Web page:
Swing When You're Winning

Performers Robbie Williams

MSI Music Distribution | November 20, 2001 | Compact Disc

Swing When You're Winning is rated 5 out of 5 by 1.
Performance dynamo and chameleonic entertainment personality Robbie Williams made a rapid transformation -- from English football hooligan to dapper saloon singer -- for his fourth LP, Swing When You're Winning. Still, Williams' tribute to the great American songbook is a surprisingly natural fit with its intended target: '50s trad-pop patriarchs like Frank Sinatra and Dean Martin. And just like those two loveable rogues, Williams has brawled and boozed in the past, but isn't afraid to wear his heart on his sleeve; in fact, he's one of the few modern pop stars to fully embrace affecting balladry and nuanced singing. Williams and longtime producer Guy Chambers are also extremely careful with their product, so it shouldn't be surprising that Swing When You're Winning has innumerable extra-musical touches to carry it over: the cover features Williams relaxing in the studio in a period suit; his contract with EMI enabled the addition of the treasured Capitol logo at the top of the sleeve, and several tracks were even recorded at the famed Capitol tower in Hollywood. Fortunately, Williams is no less careful with his performances. Since he lacks the authoritative air of master crooners like Sinatra and Bing Crosby (along with the rest of humanity), he instead plays up his closer connections to the world of Broadway. His readings are dynamic and emotional -- sometimes a consequence of trying to put a new spin on these classics (six of the covers are Sinatra standards, three are Bobby Darin's). He also invited, with nearly universal success, a series of duet partners: Nicole Kidman for the sublime "Somethin' Stupid," Jon Lovitz for the irresistibly catty "Well, Did You Evah," Rupert Everett for "They Can't Take That Away From Me," longtime Sinatra accompanist Bill Miller on "One for My Baby," even Sinatra himself for a version of "It Was a Very Good Year" on which Williams takes the first two verses (over the 1965 arrangement), then bows out as Sinatra's original counsels him concerning the later stages of life. Though it may be an overly close tribute to a familiar original (like many of the songs here), Williams' considerable skills with expression and interpretation largely overwhelm any close criticism. He's definitely much better on the comedy songs, especially the hilarious "Well, Did You Evah" (originally a duet for Crosby and Sinatra in the 1956 film High Society). Lovitz's rounded tones and faux-affected airs are a spot-on interpretation of Brother Cros, while Williams' emulation of a boorish lug ("That's a nice dress -- think I could talk her out of it?") is nearly perfect as well. Though arranger Steve Sidwell hasn't done many charts (and those for the movies Moulin Rouge, Bridget Jones' Diary, and Romeo + Juliet), he also acquits himself nicely aping classic scores for "One for My Baby" and "Beyond the Sea." The lone Robbie Williams original is "I Will Talk and Hollywood Will Listen," a sweeping pipe-dream fantasy of true American superstardom for Britain's biggest pop star. It could happen, too; Pierce Brosnan surely isn't growing any younger. ~ John Bush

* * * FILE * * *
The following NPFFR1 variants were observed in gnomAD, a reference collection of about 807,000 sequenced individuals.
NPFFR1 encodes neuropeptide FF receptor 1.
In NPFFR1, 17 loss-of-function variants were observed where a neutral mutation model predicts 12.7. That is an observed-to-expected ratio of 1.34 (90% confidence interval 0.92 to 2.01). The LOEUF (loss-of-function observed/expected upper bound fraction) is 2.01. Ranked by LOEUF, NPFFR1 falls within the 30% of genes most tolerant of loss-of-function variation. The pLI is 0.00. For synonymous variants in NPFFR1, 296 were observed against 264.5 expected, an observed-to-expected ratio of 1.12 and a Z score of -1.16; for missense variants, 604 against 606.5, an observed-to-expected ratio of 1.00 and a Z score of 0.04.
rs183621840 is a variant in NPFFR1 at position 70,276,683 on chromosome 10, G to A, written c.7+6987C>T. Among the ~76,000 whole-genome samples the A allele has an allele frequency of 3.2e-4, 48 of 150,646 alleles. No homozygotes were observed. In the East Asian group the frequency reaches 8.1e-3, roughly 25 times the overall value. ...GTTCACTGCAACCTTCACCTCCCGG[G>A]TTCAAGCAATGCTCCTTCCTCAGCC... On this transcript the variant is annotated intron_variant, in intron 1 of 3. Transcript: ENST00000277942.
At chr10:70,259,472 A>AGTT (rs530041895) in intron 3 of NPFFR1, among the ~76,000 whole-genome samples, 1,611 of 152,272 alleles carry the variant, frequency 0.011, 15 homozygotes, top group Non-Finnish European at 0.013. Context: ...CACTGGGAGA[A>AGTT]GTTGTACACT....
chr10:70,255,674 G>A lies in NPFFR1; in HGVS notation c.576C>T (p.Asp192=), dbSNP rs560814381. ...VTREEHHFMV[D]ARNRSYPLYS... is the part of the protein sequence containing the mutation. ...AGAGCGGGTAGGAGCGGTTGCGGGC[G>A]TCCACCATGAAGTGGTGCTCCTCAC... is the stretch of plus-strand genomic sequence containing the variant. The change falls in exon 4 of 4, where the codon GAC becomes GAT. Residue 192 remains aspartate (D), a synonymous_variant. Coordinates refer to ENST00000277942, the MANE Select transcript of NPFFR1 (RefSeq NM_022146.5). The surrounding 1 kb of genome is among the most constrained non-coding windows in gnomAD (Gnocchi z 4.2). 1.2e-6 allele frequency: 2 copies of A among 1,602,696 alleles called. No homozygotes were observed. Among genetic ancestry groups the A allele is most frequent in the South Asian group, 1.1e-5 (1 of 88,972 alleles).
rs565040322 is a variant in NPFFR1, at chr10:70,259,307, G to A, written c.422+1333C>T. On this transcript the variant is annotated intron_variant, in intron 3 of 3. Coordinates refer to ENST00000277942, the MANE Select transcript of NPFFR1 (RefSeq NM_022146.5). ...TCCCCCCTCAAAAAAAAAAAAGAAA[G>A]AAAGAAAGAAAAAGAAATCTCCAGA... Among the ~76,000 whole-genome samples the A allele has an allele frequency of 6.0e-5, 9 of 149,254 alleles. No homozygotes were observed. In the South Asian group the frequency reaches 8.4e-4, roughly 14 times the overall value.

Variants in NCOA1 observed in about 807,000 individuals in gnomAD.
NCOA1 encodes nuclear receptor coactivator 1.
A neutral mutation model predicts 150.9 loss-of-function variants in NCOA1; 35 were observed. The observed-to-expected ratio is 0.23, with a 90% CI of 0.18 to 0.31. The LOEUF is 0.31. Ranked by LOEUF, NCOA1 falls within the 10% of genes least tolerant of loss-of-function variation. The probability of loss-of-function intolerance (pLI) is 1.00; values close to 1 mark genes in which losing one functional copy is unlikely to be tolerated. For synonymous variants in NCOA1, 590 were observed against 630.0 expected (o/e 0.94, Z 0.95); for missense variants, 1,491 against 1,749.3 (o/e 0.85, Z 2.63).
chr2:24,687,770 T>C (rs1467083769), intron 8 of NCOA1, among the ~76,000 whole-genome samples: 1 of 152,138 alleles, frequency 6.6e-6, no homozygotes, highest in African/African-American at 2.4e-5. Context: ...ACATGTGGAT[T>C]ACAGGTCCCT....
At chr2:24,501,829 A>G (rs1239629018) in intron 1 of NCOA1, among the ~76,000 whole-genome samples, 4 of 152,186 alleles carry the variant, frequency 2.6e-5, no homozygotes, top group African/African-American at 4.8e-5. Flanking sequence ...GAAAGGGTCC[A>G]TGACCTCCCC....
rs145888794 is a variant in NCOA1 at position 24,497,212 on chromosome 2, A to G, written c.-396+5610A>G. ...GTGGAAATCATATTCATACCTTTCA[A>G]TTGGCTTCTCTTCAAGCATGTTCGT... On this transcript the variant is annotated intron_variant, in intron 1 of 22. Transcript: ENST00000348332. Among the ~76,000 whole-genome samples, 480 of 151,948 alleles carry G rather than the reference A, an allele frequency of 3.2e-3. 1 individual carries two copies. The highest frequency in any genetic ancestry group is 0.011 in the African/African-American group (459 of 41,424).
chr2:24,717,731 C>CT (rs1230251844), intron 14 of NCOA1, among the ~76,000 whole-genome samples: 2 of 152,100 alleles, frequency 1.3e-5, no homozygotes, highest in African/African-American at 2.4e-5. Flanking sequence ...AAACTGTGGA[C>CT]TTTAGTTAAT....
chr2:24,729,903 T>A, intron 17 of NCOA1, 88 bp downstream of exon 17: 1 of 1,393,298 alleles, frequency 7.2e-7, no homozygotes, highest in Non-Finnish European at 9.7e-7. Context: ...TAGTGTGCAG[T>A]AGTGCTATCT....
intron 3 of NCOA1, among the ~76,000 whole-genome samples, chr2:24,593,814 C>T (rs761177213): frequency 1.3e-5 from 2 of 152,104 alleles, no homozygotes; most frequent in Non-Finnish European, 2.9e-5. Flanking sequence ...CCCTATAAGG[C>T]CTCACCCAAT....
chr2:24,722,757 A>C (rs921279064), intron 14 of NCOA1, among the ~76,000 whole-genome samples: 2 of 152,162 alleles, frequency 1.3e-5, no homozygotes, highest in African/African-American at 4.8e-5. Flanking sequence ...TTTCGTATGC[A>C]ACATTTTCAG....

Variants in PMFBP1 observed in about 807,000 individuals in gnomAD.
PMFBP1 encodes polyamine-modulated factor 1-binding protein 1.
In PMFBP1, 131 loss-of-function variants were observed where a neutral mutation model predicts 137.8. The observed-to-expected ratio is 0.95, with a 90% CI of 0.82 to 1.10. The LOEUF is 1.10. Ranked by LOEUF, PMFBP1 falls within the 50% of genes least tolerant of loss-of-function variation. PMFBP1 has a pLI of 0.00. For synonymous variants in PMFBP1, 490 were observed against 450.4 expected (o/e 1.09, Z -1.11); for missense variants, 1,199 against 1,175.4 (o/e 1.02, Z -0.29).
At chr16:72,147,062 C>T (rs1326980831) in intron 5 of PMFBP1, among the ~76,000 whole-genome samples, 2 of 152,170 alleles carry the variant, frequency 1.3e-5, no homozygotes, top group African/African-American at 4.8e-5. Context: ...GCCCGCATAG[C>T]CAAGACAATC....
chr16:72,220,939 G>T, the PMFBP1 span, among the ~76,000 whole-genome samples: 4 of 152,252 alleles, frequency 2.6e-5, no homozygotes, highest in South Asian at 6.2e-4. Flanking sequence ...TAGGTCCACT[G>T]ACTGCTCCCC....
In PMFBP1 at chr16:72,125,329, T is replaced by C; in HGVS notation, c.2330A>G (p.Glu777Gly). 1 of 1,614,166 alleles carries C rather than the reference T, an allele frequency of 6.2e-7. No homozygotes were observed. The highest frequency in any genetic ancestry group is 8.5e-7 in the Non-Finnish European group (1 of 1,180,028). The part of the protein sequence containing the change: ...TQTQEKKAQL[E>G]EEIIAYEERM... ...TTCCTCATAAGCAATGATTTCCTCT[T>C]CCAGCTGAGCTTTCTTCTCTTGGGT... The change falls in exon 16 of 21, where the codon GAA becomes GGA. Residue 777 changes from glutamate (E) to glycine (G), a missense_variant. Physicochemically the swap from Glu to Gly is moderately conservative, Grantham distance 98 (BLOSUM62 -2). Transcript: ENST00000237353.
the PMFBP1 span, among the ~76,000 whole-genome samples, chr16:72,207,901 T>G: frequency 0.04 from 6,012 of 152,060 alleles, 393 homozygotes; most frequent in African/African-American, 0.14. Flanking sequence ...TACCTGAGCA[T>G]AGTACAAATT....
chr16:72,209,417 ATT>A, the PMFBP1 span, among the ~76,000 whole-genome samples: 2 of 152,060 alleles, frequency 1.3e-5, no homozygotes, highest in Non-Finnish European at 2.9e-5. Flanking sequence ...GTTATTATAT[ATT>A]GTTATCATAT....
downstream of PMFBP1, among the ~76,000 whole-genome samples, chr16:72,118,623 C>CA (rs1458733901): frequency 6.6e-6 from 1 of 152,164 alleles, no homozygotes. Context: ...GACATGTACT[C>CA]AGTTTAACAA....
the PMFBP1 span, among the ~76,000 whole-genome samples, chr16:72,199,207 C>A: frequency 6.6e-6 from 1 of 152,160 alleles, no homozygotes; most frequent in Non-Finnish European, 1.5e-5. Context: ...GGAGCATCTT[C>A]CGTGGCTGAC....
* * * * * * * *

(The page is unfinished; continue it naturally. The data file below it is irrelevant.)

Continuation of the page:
Format: Compact Disc

Released Date: November 20, 2001

Genre: Brit Pop

Style: Vocal

Number of Discs: 1

Stereo/Mono: Stereo

Studio/Mixed/Live: Studio

Originally Released: 2001

Label Name: MSI Music Distribution

UPC: 724353682620

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Reviews

Rated 5 out of 5 by from A CD that would make the musical greats proud. If there is one thing that I can say about Robbie Williams, it is that he truly knows his way around a song. I work in a bookstore that has a music department where we get to choose which CD's to play. This is a staple in my playlist and every time that I play it, somebody buys it and I run out of stock. The album starts off with the stellar ballad "I Will Talk And Hollywood Will Listen". The song was made as a comedic satire of the fame and glory associated with Hollywood, but this comedic does not take anything away from the musical brilliance. The band is perfect and Robbie really shows off his chops. The rest of the album are covers of musical greats such as Bobby Darin ("Mack The Knife", "Beyond The Sea"), Frank Sinatra ("It Was A Very Good Year", "Something Stupid") Nat King Cole ("Straighten Up And Fly Right") and Dean Martin ("Ain't That A Kick In The Head"), just to name a few. The versions of these songs on the CD pay a definate homage to the originals, but Robbie adds a whole lot of `Oomph' with his spectacular voice and the accompaniment of flawless London Session Orchestra. The artists that Robbie sings his duets with are perfectly chosen for each song, adding just the right amount of playfulness, sex appeal, comedy or raw talent where it is needed. His solo tracks are simply irresistible. His version of "One For My Baby" is perfection and "Have You Met Miss Jones?" will knock your socks off. Robbie Williams truly is a musical chameleon, transforming from a promiscuous rocker to a deep, sensitive character to a sophisticated oldies crooner and back again. This CD truly is a treat to listen to.